But what if you were holding an infant, and the little tyke puffed his mouth and hit you with a glob of moisture right between the eyes. Would you become enraged? Of course not.

Why the difference? Your face is just as wet in either case.

The answer is obvious. If an adult who was arguing with you spat in your face, you’d immediately conclude that they had deliberately attacked you in one of the most offensive ways they could. And you would feel justifiably angry about it.

On the other had, you know the baby who spat in your face had no intent to hurt or offend. So, instead of getting angry, you’d just wipe your face. You might even laugh.

We choose when we will get angry and when we won’t

It’s not the spitting that makes you angry, but your assessment of what the spitting means. In other words, based on the circumstances in which your face gets wet, you choose to get angry or not. It’s your choice!

Proverbs 16:32 He who is slow to anger is better than the mighty, and he who rules his spirit than he who takes a city.

So, before I lash out, either physically, verbally, or just by having a bad attitude toward the person I blame for offending or hurting me, I need to slow down my reaction and remember that I have a choice of whether to respond in anger to their transgression or to just overlook it.

Be careful about venting your anger!

The Bible says that trying to release our anger by just letting it erupt is not wise. Many people believe that when we feel rage it’s healthy to vent those emotions through negative words and explosive actions. But that’s the exact opposite of what Scripture teaches:

Proverbs 29:11 A fool vents all his feelings, but a wise man holds them back.

God’s intent is that rather than trying to dissipate our angry emotions by venting, we should use that energy to pursue a solution to the situation that caused the anger in the first place.

Controlling our anger

4. Anger Has a God-Designed Purpose

Anger can be a force for good in our lives and in the lives of people with whom we interact. The key is that we learn to use our anger for the purposes for which God intended it.

Look, for example, at how Nehemiah responded when he found that the rich people of Jerusalem were taking advantage of the poor:

Nehemiah 5:6-7 And I became very angry when I heard their outcry and these words. 7 After serious thought, I rebuked the nobles and rulers, and said to them, "Each of you is exacting usury from his brother." So I called a great assembly against them.

Nehemiah got angry! And his anger moved him to take steps to correct the situation. That’s why God gave us the emotion of anger.

Why God Built the Emotion of Anger Into Us


Alert us to the fact that something in our lives or in our environment is out of order

Motivate and energize us to correct the situation

The proper alternative to lashing out in anger is to instead take purposeful action to resolve the situation that produced the anger in the first place. How should that be done?

Matthew 18:15 Moreover if your brother sins against you, go and tell him his fault between you and him alone. If he hears you, you have gained your brother.

  • We should confront the person who offended us and try to resolve the issue.

Ephesians 4:26 "Be angry, and do not sin": do not let the sun go down on your wrath.

  • We should go to that person immediately: don’t allow anger to fester and turn into bitterness and resentment.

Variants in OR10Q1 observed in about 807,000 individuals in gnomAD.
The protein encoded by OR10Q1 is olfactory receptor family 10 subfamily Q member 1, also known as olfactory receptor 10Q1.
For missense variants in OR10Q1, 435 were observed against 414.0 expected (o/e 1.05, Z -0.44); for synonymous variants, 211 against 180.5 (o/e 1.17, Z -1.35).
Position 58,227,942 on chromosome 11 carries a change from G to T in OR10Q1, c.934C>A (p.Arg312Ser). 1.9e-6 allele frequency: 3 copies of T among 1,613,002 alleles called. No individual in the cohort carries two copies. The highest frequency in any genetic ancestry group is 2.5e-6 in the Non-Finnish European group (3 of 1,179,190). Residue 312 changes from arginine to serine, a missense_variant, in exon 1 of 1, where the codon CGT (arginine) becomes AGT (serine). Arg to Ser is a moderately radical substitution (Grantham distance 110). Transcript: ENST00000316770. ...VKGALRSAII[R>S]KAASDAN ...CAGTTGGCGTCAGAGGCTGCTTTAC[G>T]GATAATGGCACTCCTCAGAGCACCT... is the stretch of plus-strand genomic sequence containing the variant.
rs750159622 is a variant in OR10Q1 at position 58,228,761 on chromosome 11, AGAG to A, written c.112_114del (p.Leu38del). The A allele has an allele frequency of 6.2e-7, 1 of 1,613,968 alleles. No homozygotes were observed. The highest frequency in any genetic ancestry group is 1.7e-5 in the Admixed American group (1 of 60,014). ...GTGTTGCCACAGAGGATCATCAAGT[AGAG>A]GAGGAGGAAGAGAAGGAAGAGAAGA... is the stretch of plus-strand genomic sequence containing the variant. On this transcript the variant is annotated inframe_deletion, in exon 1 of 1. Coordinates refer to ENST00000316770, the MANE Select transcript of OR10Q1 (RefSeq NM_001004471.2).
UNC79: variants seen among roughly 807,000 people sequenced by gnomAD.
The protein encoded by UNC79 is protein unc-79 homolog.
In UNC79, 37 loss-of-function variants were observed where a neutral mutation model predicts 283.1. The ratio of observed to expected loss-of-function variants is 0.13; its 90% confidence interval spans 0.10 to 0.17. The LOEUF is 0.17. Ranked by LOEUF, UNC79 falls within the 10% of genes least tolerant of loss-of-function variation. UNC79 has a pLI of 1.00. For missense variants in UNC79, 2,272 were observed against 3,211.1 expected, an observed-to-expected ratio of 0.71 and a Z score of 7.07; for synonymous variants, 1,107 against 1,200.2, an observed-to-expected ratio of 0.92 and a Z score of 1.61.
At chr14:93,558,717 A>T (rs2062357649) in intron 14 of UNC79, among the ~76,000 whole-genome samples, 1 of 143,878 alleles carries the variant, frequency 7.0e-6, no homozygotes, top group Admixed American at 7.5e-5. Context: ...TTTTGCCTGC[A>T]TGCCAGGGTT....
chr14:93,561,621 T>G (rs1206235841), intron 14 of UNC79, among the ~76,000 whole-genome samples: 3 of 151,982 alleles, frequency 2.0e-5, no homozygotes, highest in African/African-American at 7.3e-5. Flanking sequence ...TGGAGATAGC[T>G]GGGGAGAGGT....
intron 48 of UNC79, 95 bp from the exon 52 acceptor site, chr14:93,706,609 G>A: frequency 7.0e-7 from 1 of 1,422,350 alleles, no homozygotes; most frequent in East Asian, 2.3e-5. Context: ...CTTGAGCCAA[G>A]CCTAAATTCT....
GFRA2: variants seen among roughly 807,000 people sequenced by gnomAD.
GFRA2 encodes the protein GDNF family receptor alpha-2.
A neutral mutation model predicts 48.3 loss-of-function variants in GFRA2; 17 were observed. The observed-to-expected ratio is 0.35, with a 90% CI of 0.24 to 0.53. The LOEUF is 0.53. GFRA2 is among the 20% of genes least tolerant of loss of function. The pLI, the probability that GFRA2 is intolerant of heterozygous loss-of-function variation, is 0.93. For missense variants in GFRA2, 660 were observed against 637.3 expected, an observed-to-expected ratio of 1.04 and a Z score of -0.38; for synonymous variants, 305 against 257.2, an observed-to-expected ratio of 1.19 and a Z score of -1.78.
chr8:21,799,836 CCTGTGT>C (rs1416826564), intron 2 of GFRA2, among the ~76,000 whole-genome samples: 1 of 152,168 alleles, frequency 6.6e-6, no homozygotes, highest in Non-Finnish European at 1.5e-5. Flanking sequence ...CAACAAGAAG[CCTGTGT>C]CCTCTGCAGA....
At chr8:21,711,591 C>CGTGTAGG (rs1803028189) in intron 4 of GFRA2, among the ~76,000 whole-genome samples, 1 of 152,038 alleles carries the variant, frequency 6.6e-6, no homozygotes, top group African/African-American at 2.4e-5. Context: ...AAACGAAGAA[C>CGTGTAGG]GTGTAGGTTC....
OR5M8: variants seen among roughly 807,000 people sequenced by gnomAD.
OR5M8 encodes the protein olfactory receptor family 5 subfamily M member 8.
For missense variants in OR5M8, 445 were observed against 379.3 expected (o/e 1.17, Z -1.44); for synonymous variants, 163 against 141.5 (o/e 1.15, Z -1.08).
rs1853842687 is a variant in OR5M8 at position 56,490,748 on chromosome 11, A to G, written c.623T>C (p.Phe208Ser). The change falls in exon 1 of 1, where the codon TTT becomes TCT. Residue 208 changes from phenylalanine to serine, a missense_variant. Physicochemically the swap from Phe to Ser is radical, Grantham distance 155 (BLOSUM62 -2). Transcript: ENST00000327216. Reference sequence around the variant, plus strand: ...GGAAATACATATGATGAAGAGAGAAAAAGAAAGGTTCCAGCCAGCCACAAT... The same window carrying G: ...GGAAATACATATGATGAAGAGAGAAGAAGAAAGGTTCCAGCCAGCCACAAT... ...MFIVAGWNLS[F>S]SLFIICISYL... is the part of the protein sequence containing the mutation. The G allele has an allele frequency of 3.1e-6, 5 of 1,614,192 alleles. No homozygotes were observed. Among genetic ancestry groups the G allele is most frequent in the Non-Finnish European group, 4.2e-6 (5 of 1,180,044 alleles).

Ephesians 4:15a but, speaking the truth in love…

  • We should be forthright in declaring how that person’s actions have hurt or offended us; but we must do so only with respect and love.

5. Anger Should Always End in Forgiveness

Whether the issue that initiated our anger gets resolved is not always up to us. The other people involved have to also be willing to work at finding a solution. So, what happens if they just won’t cooperate?

Ephesians 4:32 And be kind to one another, tenderhearted, forgiving one another, even as God in Christ forgave you.

We forgive. That’s the bottom line. No matter what, we forgive. Otherwise, we ourselves will be held in bondage to our rage.

What does it mean to forgive someone who has hurt or offended us?

Forgiveness means I no longer hold a person’s transgression against them. I literally cancel the moral debt they owe me because of their offensive behavior. That means I will never again try to extract any kind of retribution from them, whether by word, deed, or attitude, for what they did to me.

Forgiving someone doesn’t mean I excuse or minimize their offense. In fact, I can only forgive someone when I believe their offense is real; otherwise, there’s nothing to forgive. Also, it doesn’t mean I forget what they did. If a babysitter molests my child, I must forgive them. But that doesn’t mean I won’t report them to the police, or that I will ever let them come near my child again.

Forgiveness is a decision, not a feeling. If you owe me money, and I cancel your debt, it doesn't matter how I feel about you; you no longer owe me anything. Forgiveness takes place when I make the commitment before God to no longer hold a person’s offense against them. That doesn’t mean all negative feelings toward the offender immediately go away! But when those emotions arise, I simply reaffirm my forgiveness before the Lord. Eventually, my feelings will catch up to the fact that in my heart I have forgiven that person.

The Bible has a lot to say about anger, and we’ve only scratched the surface of its teaching. But just by putting these five principles to work when we find ourselves getting angry, we can turn our anger from a liability into an asset.

This article is accurate and true to the best of the author’s knowledge. Content is for informational or entertainment purposes only and does not substitute for personal counsel or professional advice in business, financial, legal, or technical matters.

© 2014 Ronald E Franklin

Related Articles